American Society for Enhanced Recovery and Perioperative Quality Initiative Joint Consensus Statement on Patient-Reported Outcomes in an Enhanced Recovery Pathway.
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Patient-reported outcomes (PROs) are measures of health status that come directly from the patient. PROs are an underutilized tool in the perioperative setting. Enhanced recovery pathways (ERPs) have primarily focused on traditional measures of health care quality such as complications and hospital length of stay. These measures do not capture postdischarge outcomes that are meaningful to patients such as function or freedom from disability. PROs can be used to facilitate shared decisions between patients and providers before surgery and establish benchmark recovery goals after surgery. PROs can also be utilized in quality improvement initiatives and clinical research studies. An expert panel, the Perioperative Quality Initiative (POQI) workgroup, conducted an extensive literature review to determine best practices for the incorporation of PROs in an ERP. This international group of experienced clinicians from North America and Europe met at Stony Brook, NY, on December 2-3, 2016, to review the evidence supporting the use of PROs in the context of surgical recovery. A modified Delphi method was used to capture the collective expertise of a diverse group to answer clinical questions. During 3 plenary sessions, the POQI PRO subgroup presented clinical questions based on a literature review, presented evidenced-based answers to those questions, and developed recommendations which represented a consensus opinion regarding the use of PROs in the context of an ERP. The POQI workgroup identified key criteria to evaluate patient-reported outcome measures (PROMs) for their incorporation in an ERP. The POQI workgroup agreed on the following recommendations: (1) PROMs in the perioperative setting should be collected in the framework of physical, mental, and social domains. (2) These data should be collected preoperatively at baseline, during the immediate postoperative time period, and after hospital discharge. (3) In the immediate postoperative setting, we recommend using the Quality of Recovery-15 score. After discharge at 30 and 90 days, we recommend the use of the World Health Organization Disability Assessment Scale 2.0, or a tailored use of the Patient-Reported Outcomes Measurement Information System. (4) Future study that consistently applies PROMs in an ERP will define the role these measures will have evaluating quality and guiding clinical care. Consensus guidelines regarding the incorporation of PRO measures in an ERP were created by the POQI workgroup. The inclusion of PROMs with traditional measures of health care quality after surgery provides an opportunity to improve clinical care.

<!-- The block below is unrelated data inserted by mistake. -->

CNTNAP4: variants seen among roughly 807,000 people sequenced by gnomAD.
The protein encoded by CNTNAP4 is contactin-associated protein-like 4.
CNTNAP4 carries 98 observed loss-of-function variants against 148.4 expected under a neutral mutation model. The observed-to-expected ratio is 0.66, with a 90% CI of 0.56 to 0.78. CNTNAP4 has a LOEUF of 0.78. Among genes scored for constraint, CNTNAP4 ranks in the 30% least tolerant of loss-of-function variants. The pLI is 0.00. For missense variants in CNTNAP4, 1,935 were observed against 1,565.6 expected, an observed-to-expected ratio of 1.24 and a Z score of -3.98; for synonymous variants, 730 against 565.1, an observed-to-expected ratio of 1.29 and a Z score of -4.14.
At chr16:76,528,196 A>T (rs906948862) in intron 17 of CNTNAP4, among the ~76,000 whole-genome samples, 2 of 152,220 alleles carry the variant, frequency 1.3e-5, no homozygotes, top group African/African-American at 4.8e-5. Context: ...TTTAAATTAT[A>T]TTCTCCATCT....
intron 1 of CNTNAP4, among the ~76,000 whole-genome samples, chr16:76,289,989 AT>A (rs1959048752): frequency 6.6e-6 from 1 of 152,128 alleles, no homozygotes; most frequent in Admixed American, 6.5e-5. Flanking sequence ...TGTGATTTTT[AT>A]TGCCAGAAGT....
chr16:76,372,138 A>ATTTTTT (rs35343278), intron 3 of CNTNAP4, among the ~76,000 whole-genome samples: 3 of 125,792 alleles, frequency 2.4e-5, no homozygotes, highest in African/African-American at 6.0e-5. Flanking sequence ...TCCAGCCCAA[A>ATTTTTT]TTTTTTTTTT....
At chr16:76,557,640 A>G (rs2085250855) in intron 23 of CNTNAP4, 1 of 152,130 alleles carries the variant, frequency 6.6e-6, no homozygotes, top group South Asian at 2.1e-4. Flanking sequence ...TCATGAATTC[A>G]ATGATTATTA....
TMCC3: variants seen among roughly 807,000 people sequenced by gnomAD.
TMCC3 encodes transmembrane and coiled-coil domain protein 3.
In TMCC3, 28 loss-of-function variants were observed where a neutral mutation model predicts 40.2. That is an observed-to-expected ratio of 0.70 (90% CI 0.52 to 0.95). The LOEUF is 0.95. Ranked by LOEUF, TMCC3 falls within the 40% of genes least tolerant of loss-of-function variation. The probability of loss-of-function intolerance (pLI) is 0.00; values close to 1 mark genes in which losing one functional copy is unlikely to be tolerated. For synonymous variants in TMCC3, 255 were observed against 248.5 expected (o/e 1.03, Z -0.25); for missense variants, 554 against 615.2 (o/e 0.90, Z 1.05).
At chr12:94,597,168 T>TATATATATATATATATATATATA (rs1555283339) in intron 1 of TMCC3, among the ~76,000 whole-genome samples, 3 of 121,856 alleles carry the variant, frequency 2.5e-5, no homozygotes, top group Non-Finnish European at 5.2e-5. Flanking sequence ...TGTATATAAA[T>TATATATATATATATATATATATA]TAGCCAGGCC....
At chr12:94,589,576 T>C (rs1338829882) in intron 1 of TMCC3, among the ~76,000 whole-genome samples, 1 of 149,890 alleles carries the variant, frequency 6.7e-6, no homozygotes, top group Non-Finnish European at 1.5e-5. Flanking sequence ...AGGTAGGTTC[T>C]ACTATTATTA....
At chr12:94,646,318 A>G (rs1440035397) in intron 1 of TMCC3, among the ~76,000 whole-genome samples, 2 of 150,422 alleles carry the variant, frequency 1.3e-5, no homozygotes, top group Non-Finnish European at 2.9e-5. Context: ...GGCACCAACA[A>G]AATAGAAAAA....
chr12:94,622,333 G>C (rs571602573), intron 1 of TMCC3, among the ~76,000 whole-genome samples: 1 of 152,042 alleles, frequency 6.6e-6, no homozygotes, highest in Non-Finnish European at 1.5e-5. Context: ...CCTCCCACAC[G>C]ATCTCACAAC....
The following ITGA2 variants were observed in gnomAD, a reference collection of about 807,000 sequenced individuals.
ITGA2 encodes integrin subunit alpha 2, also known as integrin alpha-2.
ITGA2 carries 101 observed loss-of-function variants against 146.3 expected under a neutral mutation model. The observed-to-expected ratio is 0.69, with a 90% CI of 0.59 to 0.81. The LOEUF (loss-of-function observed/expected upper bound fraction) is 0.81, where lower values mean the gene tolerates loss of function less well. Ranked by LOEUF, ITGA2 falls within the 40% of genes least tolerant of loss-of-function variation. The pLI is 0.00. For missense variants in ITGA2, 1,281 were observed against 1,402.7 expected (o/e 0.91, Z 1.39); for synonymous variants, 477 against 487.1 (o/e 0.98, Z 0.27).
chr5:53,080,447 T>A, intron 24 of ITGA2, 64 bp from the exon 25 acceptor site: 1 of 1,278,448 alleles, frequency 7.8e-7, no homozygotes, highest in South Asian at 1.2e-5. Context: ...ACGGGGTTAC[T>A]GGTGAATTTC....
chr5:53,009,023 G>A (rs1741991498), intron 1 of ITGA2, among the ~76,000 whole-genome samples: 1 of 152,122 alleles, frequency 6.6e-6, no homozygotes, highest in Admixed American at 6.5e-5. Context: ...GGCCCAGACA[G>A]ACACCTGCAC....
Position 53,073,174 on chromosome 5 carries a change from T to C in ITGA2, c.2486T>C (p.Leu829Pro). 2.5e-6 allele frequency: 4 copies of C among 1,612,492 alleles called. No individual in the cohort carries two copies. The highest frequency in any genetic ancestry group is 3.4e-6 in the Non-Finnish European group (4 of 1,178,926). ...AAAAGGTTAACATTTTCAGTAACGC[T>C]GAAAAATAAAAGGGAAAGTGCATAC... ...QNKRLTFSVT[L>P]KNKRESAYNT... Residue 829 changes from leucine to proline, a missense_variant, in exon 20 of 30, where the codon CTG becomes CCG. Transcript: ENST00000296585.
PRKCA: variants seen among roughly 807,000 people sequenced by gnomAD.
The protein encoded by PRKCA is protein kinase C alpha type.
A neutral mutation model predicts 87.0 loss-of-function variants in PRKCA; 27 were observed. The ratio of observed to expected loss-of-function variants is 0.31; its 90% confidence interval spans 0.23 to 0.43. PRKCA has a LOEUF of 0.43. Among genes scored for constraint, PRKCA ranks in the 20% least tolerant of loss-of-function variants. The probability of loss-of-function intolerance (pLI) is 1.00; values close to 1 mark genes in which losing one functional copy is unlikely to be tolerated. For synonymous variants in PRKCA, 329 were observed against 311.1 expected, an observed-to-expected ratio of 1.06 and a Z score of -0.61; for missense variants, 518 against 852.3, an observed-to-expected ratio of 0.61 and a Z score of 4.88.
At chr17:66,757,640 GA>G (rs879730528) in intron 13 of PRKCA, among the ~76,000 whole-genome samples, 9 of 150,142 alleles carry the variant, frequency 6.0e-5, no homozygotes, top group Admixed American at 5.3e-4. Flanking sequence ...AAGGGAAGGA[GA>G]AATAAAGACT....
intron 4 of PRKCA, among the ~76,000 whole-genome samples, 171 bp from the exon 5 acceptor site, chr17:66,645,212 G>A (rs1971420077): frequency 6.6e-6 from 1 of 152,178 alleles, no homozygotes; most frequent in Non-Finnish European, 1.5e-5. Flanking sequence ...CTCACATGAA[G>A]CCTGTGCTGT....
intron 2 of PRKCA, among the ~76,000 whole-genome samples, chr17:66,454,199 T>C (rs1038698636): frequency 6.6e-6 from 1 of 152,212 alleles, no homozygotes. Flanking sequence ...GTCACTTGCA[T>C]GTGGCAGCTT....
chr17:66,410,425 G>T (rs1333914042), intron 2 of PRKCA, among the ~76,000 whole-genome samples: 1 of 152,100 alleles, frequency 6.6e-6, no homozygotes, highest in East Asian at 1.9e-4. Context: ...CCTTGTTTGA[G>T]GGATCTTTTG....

Published Version (Please cite this version)10.1213/ane.0000000000002758
Publication InfoMiller, Timothy; Thacker, Julie; Wischmeyer, Paul; Abola, Ramon E; Bennett-Guerrero, Elliott; Kent, Michael L; ... Grocott, Mike (2018). American Society for Enhanced Recovery and Perioperative Quality Initiative Joint Consensus Statement on Patient-Reported Outcomes in an Enhanced Recovery Pathway. Anesthesia and analgesia, 126(6). pp. 1874-1882. 10.1213/ane.0000000000002758. Retrieved from https://hdl.handle.net/10161/17248.
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Associate Professor of Anesthesiology
Clinical and research interests are Enhanced Recovery and Perioperative Medicine; with particular interests in fluid management, and perioperative optimization of the high-risk non-cardiac surgery patient.
Associate Professor of Surgery
Professor of Anesthesiology
Paul Wischmeyer M.D. is a Perioperative physician who specializes in enhancing preparation and recovery from surgery and critical care. Specifically, at Duke he practices on the Critical Care and Nutrition clinical teams. He serves as the Director of Perioperative Research for the Duke Clinical Research Institute and Associate Vice Chair for Clinical Research in the Dept. of Anesthesiology. He also serves as the Director of the Nutrition Support Team at Duke. Dr. Wischmeyer e
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